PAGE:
We included six RCTs (686 participants) conducted in five countries (Australia, Hungary, New Zealand, UK, US) with follow‐up periods ranging from two to 12 months. Participants in these trials included older adults (mean age 80 years) and were mostly female (69%), with visual impairments of varying severity and underlying causes. Participants mostly lived in their homes and were physically independent. We classified all trials as having high risk of bias for masking of participants, and three trials as having high or unclear risk of bias for all other domains. The included trials evaluated various intervention strategies (e.g. an exercise program versus home safety modifications). Heterogeneity of study characteristics, including interventions and outcomes, (e.g. different fall measures), precluded any meta‐analysis.
Two trials compared the home safety modification by occupational therapists versus social/home visits. One trial (28 participants) reported physical activity at six months and showed no evidence of a difference in mean estimates between groups (step counts: mean difference (MD) = 321, 95% confidence interval (CI) ‐1981 to 2623; average walking time (minutes): MD 1.70, 95% CI ‐24.03 to 27.43; telephone questionnaire for self‐reported physical activity: MD ‐3.68 scores, 95% CI ‐20.6 to 13.24; low‐certainty of evidence for each outcome). Two trials reported the proportion of participants who fell at six months (risk ratio (RR) 0.76, 95% CI 0.38 to 1.51; 28 participants) and 12 months (RR 0.59, 95% CI 0.43 to 0.80, 196 participants) with low‐certainty of evidence for each outcome. One trial (28 participants) reported fear of falling at six months, using the Short Falls Efficacy Scale‐International, and found no evidence of a difference in mean estimates between groups (MD 2.55 scores, 95% CI ‐0.51 to 5.61; low‐certainty of evidence). This trial also reported quality of life at six months using 12‐Item Short Form Health Survey, and showed no evidence of a difference in mean estimates between groups (MD ‐3.14 scores, 95% CI ‐10.86 to 4.58; low‐certainty of evidence).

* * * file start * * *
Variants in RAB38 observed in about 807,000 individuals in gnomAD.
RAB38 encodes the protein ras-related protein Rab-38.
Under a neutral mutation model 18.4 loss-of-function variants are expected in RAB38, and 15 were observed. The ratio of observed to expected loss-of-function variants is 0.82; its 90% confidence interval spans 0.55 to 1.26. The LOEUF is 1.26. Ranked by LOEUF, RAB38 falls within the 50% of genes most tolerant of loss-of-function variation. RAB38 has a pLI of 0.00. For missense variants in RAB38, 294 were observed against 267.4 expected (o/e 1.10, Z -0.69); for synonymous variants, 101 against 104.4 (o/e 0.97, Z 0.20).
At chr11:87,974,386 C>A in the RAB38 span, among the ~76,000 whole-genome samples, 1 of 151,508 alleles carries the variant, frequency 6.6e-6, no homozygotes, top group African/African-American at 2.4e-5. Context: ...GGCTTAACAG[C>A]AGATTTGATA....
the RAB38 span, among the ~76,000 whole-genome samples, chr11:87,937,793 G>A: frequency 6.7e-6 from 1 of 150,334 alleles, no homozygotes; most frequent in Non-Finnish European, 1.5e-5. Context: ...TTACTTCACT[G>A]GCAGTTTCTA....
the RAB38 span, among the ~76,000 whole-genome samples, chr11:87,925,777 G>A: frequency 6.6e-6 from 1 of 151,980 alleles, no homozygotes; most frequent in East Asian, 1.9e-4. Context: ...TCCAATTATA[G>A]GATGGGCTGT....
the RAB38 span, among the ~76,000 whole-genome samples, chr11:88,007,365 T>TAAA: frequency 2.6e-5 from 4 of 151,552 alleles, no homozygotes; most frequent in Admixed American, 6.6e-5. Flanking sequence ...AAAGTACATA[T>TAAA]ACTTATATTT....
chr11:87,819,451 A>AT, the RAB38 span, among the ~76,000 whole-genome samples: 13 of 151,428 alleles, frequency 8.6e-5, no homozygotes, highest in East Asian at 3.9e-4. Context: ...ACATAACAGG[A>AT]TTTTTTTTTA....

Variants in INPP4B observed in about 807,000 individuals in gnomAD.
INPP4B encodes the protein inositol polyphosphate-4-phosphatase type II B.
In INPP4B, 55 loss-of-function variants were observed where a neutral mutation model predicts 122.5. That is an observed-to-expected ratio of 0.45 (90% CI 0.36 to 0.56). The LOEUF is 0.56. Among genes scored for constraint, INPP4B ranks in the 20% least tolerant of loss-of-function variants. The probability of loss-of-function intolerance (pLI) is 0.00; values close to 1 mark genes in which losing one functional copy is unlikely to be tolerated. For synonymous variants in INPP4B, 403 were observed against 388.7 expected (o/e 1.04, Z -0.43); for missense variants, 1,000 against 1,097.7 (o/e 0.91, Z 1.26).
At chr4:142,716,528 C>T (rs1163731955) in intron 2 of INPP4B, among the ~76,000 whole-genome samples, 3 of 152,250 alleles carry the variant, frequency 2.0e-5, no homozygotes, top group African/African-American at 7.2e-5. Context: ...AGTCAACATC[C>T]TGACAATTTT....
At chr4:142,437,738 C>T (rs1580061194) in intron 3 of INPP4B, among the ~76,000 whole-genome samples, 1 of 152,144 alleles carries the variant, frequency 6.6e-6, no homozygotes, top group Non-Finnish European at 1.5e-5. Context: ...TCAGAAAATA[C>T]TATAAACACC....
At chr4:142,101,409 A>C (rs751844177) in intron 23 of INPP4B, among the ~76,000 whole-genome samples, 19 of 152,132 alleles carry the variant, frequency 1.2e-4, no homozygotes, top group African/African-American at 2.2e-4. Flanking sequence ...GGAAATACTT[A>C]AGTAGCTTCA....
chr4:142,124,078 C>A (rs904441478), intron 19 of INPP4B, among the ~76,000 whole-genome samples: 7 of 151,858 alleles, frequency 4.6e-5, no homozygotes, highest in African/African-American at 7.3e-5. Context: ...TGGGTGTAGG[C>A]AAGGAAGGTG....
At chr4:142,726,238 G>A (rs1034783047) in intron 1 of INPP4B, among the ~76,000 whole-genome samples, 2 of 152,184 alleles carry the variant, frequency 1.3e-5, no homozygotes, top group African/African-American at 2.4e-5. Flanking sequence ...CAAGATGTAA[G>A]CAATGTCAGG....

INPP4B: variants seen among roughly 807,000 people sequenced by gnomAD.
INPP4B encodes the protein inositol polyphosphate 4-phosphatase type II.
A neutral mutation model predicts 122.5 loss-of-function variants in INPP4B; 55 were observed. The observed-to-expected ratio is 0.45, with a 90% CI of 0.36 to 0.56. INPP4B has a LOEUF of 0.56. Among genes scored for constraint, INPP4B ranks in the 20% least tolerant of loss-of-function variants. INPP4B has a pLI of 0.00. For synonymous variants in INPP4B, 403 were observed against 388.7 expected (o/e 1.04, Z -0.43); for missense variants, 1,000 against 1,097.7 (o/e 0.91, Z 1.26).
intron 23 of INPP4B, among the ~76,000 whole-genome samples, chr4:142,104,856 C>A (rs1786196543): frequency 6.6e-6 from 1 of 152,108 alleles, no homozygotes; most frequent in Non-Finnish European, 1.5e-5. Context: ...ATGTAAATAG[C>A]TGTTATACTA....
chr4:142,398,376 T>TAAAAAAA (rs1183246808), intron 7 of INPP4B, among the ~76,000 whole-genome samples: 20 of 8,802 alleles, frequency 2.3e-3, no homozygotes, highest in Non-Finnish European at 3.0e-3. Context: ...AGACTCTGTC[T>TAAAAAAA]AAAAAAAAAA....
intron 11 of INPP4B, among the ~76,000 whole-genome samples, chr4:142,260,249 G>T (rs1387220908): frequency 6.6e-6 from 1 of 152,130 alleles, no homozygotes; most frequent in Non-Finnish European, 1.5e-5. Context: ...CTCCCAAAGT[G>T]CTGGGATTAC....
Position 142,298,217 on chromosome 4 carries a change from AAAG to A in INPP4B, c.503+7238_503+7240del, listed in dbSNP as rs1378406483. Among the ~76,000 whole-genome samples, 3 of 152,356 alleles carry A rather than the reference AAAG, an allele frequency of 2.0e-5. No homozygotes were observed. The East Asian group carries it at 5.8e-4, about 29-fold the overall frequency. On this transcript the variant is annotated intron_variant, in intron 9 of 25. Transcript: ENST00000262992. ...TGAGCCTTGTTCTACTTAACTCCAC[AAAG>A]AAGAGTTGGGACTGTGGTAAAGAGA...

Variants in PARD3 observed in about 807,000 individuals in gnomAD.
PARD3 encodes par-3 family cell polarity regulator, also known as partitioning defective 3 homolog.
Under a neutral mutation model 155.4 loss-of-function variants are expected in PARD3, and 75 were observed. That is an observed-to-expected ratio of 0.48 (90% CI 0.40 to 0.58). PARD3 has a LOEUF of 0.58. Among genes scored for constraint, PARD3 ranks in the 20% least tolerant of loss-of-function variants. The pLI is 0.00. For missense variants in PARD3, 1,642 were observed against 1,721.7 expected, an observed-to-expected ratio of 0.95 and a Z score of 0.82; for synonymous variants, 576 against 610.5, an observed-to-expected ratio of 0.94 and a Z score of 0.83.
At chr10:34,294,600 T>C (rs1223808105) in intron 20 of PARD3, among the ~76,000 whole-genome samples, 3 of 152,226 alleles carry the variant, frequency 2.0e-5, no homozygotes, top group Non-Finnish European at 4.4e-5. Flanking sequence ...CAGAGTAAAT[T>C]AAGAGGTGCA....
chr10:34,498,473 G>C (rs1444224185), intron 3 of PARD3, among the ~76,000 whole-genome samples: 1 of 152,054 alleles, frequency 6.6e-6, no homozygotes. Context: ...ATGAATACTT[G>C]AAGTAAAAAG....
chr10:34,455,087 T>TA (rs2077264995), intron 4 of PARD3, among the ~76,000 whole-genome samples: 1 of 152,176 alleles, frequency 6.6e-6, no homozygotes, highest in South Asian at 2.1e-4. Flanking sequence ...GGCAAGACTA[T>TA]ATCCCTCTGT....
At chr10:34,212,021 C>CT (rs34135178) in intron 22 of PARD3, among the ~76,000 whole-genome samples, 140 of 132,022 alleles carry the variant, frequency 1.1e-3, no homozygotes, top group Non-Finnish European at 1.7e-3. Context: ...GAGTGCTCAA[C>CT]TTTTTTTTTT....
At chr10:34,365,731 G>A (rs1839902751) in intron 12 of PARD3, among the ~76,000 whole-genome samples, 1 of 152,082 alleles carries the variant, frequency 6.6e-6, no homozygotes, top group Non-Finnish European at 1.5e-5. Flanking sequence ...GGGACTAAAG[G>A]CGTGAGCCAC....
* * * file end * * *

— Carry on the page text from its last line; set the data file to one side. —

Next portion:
Five trials compared a behavioral intervention (exercise) versus usual activity or social/home visits. One trial (59 participants) assessed self‐reported physical activity at six months and showed no evidence of a difference between groups (MD 9.10 scores, 95% CI ‐13.85 to 32.5; low‐certainty of evidence). Three trials investigated different fall measures at six or 12 months, and found no evidence of a difference in effect estimates (RRs for proportion of fallers ranged from 0.54 (95% CI 0.29 to 1.01; 41 participants); to 0.93 (95% CI 0.61 to 1.39; 120 participants); low‐certainty of evidence for each outcome). Three trials assessed the fear of falling using Short Falls Efficacy Scale‐International or the Illinois Fear of Falling Measure from two to 12 months, and found no evidence of a difference in mean estimates between groups (the estimates ranged from ‐0.88 score (95% CI ‐2.72 to 0.96, 114 participants) to 1.00 score (95% CI ‐0.13 to 2.13; 59 participants); low‐certainty of evidence). One trial (59 participants) assessed the European Quality of Life scale at six months (MD ‐0.15 score, 95% CI ‐0.29 to ‐0.01), and found no evidence of a clinical difference between groups (low‐certainty of evidence).